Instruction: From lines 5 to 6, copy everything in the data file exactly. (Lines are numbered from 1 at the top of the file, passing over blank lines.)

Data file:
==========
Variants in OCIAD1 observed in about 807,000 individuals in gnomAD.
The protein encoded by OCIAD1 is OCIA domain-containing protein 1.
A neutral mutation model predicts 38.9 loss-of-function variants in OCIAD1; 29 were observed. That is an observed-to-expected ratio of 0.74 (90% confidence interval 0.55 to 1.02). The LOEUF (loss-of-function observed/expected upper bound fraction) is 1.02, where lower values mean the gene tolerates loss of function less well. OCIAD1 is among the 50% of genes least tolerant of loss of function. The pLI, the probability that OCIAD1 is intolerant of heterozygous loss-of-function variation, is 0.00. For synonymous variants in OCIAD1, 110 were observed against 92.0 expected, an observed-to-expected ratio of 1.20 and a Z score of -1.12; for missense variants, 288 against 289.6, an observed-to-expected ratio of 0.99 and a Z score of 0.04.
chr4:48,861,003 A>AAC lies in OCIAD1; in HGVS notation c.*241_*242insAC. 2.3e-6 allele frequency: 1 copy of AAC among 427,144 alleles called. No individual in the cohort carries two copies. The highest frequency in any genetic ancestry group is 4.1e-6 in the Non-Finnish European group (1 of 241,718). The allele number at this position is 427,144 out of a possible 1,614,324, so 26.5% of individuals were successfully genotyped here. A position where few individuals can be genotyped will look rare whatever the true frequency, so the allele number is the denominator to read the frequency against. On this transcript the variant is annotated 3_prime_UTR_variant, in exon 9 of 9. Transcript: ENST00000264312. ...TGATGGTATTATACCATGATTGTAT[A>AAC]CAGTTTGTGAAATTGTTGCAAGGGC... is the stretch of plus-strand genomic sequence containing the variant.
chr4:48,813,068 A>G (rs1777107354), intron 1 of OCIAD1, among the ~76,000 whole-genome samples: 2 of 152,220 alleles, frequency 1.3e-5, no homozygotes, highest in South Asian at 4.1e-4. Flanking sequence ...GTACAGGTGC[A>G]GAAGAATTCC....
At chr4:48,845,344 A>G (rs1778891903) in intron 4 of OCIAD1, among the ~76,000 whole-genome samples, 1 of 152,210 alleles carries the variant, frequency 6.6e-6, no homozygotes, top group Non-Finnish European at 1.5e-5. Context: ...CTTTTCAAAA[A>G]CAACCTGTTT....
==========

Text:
chr4:48,813,068 A>G (rs1777107354), intron 1 of OCIAD1, among the ~76,000 whole-genome samples: 2 of 152,220 alleles, frequency 1.3e-5, no homozygotes, highest in South Asian at 4.1e-4. Flanking sequence ...GTACAGGTGC[A>G]GAAGAATTCC....
At chr4:48,845,344 A>G (rs1778891903) in intron 4 of OCIAD1, among the ~76,000 whole-genome samples, 1 of 152,210 alleles carries the variant, frequency 6.6e-6, no homozygotes, top group Non-Finnish European at 1.5e-5. Context: ...CTTTTCAAAA[A>G]CAACCTGTTT....